Poetry and Commentary in the Medieval School of Rheims: Reading Virgil, Reading David

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Contribution to Book

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The Jewish and Christian Bibles and the Qur’an enjoyed - each within its own faith community - an elevated status that guided interpreters to develop unique tools for their analysis, distinct from those applied to secular literature. The special characteristic features of early Bible interpretation, both Jewish and Christian, predicated on the assumptions about the Bible’s plethora of recondite meanings (outlined in Chapter 1) and the notion of the “inimitability” of the Qur’an (discussed in Chapter 3), would seem to place these scriptures outside the bounds of human literary classification. Yet eventually schools of scriptural interpretation emerged that conspicuously drew upon the “language arts” of grammar and rhetoric developed for the analysis of secular language and literature. The current chapter treats a Christian version of this movement in the medieval cathedral school of Rheims, where it led to new ways of confirming that the Bible’s christological “mystical” sense converges with the intentions of its ancient Hebrew prophetic authors. [Ed.] In Latin Christianity, Jerome (d. 420) appears to be the first author of any influence to advance an understanding of the Psalter as a collection of lyric poems. Throughout his writings, and especially in his commentaries on prophetic books, Jerome refers to the Psalms as “composed in a lyric fashion,” or, more simply, he states that “David sang a lyric song.” The phrase Jerome uses to describe the Psalms, lyricum carmen, is found elsewhere in his writings applied to the works of Pindar and Horace, while, in his Letter 22 to Eustochium, Jerome equates, at least formally, the Psalter and Horace’s odes: “What has Horace to do with the Psalter? Virgil with the Gospels? Cicero with Paul?” Jerome compares, generically speaking, like with like: what need has a Christian for a pagan rhetorician, when he has the writings of the Christian rhetorician, Paul, or why would he read the poetry of Horace, filled as it is with accounts of false gods, when he has the poetry of David? Even as he denigrates the content of classical poetry, therefore, Jerome indicates that it may be compared with biblical literature, and he thus introduces the possibility that the techniques used in the interpretation of former - that is, the techniques of the grammatical curriculum - could be employed in the exposition of the latter.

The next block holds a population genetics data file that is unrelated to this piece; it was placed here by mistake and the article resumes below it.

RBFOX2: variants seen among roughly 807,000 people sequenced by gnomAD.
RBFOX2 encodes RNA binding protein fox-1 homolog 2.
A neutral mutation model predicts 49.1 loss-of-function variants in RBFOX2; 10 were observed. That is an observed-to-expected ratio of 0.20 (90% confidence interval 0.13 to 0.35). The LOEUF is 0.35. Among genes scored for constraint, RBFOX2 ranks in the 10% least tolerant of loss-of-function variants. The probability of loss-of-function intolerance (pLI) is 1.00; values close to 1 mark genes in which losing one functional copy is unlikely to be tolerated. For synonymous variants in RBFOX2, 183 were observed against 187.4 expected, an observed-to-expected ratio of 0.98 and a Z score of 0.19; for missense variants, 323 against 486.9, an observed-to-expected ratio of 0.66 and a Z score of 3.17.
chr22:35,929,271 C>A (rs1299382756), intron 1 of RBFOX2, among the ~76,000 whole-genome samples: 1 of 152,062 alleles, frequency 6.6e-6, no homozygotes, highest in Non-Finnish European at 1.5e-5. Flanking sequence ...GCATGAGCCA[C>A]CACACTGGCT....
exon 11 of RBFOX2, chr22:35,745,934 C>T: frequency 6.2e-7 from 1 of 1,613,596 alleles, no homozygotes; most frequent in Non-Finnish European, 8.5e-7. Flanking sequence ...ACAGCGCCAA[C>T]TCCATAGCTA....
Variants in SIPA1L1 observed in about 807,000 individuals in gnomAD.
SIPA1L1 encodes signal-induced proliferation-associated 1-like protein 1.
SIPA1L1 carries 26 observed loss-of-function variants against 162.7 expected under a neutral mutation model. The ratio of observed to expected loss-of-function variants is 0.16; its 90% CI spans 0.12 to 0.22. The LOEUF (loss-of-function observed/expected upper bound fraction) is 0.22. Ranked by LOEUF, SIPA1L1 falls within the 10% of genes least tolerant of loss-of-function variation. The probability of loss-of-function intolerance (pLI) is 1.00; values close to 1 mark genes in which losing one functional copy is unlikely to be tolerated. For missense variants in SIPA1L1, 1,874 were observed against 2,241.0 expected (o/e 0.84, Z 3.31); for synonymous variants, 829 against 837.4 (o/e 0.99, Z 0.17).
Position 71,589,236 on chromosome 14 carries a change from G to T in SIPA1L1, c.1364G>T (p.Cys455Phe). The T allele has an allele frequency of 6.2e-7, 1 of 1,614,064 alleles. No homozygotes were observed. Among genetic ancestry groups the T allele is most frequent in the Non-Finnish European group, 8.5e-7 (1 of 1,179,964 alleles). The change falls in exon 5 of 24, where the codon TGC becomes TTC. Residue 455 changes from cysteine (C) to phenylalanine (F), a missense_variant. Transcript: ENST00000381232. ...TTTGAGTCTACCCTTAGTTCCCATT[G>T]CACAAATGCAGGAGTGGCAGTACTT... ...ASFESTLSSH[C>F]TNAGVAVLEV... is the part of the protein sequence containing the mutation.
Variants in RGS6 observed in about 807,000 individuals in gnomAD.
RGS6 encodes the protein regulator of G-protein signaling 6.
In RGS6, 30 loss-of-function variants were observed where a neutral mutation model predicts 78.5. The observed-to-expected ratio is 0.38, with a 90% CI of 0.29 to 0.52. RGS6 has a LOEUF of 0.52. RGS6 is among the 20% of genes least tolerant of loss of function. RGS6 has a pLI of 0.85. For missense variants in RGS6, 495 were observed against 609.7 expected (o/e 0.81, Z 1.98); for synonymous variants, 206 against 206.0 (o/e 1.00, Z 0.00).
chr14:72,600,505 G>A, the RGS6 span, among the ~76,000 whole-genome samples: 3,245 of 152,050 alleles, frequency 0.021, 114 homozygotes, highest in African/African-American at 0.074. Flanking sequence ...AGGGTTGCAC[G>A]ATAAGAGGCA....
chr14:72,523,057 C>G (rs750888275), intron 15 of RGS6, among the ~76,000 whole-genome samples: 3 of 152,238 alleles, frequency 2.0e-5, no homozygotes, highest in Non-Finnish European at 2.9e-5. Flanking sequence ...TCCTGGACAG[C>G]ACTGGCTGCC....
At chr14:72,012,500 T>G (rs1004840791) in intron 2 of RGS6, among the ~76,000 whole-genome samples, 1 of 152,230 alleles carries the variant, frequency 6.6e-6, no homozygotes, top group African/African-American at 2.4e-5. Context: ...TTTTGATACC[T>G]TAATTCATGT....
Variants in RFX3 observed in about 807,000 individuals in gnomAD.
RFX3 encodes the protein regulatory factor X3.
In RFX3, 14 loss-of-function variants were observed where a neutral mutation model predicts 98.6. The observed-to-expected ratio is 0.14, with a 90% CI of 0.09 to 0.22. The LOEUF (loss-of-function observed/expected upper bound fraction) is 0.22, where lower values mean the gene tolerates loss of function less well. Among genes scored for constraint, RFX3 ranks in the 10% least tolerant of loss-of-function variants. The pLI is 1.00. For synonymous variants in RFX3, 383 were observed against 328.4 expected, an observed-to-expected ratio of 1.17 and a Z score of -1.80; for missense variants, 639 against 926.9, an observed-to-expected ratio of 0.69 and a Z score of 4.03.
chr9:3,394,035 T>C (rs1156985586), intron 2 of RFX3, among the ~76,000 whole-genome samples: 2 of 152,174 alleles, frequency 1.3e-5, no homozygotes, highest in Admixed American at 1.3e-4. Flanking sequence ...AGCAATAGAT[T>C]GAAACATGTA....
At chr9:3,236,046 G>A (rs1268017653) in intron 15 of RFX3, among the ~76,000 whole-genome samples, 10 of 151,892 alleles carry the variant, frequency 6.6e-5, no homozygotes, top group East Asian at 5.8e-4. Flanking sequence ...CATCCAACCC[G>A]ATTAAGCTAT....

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Mordechai Z. Cohen & Adele Berlin


Cambridge University Press


Cambridge, England



Publication Information

Interpreting Scriptures in Judaism, Christianity and Islam: Overlapping Inquiries